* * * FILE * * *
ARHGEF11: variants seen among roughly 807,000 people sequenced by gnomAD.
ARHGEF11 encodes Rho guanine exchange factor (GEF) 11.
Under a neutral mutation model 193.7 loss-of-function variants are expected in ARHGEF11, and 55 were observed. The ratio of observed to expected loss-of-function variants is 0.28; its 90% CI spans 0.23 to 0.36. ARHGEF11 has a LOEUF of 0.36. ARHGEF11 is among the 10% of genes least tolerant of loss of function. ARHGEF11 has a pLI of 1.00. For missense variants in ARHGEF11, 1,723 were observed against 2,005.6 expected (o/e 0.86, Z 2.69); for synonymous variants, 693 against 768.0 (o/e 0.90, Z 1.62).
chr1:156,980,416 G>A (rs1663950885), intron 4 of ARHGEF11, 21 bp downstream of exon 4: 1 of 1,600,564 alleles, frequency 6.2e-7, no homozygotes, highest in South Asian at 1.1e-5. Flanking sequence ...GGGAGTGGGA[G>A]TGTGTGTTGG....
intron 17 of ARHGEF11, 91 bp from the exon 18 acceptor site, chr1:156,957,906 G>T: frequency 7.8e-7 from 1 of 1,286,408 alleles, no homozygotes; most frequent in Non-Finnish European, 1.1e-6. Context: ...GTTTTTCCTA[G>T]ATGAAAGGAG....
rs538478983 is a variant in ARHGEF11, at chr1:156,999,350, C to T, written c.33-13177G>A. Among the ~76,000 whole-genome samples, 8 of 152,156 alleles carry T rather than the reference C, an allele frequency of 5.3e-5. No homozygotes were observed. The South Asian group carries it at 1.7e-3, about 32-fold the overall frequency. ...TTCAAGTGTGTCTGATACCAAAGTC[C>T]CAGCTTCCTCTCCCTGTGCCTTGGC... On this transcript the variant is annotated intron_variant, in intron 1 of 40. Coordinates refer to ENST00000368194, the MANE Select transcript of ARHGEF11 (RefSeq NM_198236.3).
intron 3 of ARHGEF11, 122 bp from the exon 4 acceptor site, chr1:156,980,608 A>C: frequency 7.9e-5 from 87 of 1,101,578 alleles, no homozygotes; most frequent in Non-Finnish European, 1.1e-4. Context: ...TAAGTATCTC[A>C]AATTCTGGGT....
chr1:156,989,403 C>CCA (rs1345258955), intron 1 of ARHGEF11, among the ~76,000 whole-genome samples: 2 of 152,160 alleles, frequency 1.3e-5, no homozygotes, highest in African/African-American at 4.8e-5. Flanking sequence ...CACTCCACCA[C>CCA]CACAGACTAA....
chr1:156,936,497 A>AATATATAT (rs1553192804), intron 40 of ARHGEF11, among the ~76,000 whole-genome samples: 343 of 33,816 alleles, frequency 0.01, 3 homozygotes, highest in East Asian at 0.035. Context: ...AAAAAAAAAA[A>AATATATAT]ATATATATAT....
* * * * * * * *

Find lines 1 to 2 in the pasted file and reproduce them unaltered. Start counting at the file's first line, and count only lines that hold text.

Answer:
ARHGEF11: variants seen among roughly 807,000 people sequenced by gnomAD.
ARHGEF11 encodes Rho guanine exchange factor (GEF) 11.